Key Dates in the Efforts to Prove that Actos Causes Bladder Cancer

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					To fully understand the Actos claims that Powers Taylor LLP is handling
against Takeda and Eli Lilly, one must appreciate the time-line of
plaintiffs' efforts to prove that Actos causes bladder cancer.      July
15, 1999. Actos was initially introduced to consumers in the United
States in July 1999. Takeda, the Japanese company that manufactured the
drug, enlisted the assistance of Eli Lilly & Company, an established U.S.
pharmaceutical company, as its marketing partner in the United States.


  2005. Takeda initiates a ten-year study to determine potential side
effects of the drug, by comparing the rate of illnesses and ailments
among Actos users to the rate of those same illnesses and ailments among
non-users who are otherwise similar to the Actos users.      April 2009.
Takeda and Eli Lilly announce that their partnership for marketing Actos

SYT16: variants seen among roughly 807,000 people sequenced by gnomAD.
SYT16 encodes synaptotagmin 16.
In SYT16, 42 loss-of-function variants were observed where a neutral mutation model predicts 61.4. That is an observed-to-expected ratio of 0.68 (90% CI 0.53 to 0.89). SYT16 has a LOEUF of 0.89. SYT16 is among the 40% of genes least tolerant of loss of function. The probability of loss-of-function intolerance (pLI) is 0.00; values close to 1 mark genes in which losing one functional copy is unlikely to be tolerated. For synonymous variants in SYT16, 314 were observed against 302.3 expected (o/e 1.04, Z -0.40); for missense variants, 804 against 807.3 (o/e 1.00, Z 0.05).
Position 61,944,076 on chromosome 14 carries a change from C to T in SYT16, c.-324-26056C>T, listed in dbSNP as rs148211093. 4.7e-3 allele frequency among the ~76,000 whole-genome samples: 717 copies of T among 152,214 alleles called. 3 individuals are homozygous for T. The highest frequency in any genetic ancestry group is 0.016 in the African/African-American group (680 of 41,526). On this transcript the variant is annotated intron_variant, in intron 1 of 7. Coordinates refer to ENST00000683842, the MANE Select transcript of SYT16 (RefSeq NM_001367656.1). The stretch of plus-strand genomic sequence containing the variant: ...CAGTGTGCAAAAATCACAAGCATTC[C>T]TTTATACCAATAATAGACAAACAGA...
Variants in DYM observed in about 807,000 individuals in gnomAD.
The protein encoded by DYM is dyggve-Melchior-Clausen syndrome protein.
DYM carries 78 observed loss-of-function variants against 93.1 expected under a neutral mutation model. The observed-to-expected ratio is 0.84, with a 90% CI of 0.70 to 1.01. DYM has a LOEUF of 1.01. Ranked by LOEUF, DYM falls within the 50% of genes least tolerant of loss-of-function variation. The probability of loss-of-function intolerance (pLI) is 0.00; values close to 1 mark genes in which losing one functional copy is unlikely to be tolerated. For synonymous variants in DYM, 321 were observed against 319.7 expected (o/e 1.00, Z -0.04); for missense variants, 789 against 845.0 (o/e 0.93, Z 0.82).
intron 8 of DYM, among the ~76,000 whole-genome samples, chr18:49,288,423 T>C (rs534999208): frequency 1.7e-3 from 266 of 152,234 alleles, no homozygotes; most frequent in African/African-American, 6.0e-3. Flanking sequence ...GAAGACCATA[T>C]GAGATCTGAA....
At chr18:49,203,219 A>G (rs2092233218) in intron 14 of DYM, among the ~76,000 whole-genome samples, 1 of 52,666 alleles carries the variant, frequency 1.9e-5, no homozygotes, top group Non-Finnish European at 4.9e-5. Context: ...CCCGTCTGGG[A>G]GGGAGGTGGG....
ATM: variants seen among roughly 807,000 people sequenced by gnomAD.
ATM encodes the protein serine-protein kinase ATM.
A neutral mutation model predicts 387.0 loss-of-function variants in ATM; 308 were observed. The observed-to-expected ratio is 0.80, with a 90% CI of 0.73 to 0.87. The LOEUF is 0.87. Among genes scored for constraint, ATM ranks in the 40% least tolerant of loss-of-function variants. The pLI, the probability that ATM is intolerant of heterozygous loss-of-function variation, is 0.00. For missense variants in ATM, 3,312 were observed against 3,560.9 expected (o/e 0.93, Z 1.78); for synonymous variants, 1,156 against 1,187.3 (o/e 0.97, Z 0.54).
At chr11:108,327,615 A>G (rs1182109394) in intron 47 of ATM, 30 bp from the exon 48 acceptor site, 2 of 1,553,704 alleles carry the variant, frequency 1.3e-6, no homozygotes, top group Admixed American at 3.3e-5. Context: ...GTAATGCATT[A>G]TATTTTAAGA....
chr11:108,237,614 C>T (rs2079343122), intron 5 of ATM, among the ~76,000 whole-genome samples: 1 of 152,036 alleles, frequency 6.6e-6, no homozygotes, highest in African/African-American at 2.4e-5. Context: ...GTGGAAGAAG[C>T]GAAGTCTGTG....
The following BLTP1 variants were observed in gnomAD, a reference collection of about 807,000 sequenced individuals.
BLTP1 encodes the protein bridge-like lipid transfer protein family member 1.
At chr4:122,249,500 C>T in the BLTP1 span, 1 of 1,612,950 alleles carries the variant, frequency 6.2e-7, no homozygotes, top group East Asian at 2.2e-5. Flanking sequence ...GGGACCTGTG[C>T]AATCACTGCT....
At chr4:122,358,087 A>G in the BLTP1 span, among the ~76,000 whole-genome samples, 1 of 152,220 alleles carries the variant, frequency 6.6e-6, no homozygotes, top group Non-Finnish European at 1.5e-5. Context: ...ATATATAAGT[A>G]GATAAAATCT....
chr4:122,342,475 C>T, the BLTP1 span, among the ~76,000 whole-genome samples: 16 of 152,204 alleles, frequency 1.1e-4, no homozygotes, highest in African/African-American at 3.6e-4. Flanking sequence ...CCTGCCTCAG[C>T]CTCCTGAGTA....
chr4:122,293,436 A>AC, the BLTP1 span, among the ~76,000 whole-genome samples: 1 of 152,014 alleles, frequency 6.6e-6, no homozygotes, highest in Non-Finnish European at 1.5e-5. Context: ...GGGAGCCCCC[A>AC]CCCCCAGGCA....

was coming to an end, with Takeda buying back the rights to market the
drug in the US and other countries previously served by Eli Lilly.
On September 17, 2010, the FDA issued a notification to doctors and their
diabetic patients, in which the FDA announced its was reviewing the
initialdata from a 10-year epidemiological study on Actos.
Epidemiological studies gather information from two or more distinct
groups, and then compare the rates of certain diseases or ailments
between the two groups. In this Actos study, one group consisted of
diabetic patients who took Actos, and the other group was made up of
diabetic patients who controlled their diabetes by other means. Although
the 10-year study was only halfway complete, the FDA wanted to examine
preliminary data because the agency felt that animal studies suggested
that there was a chance that Actos caused bladder cancer.      When
Takeda sent the results from the first five years of the Actos study to
the FDA, Takeda took the position that there was no problem with Actos.
However, the FDA did further analysis of the raw data in the study,
andthe government agency became concerned that for patients who took the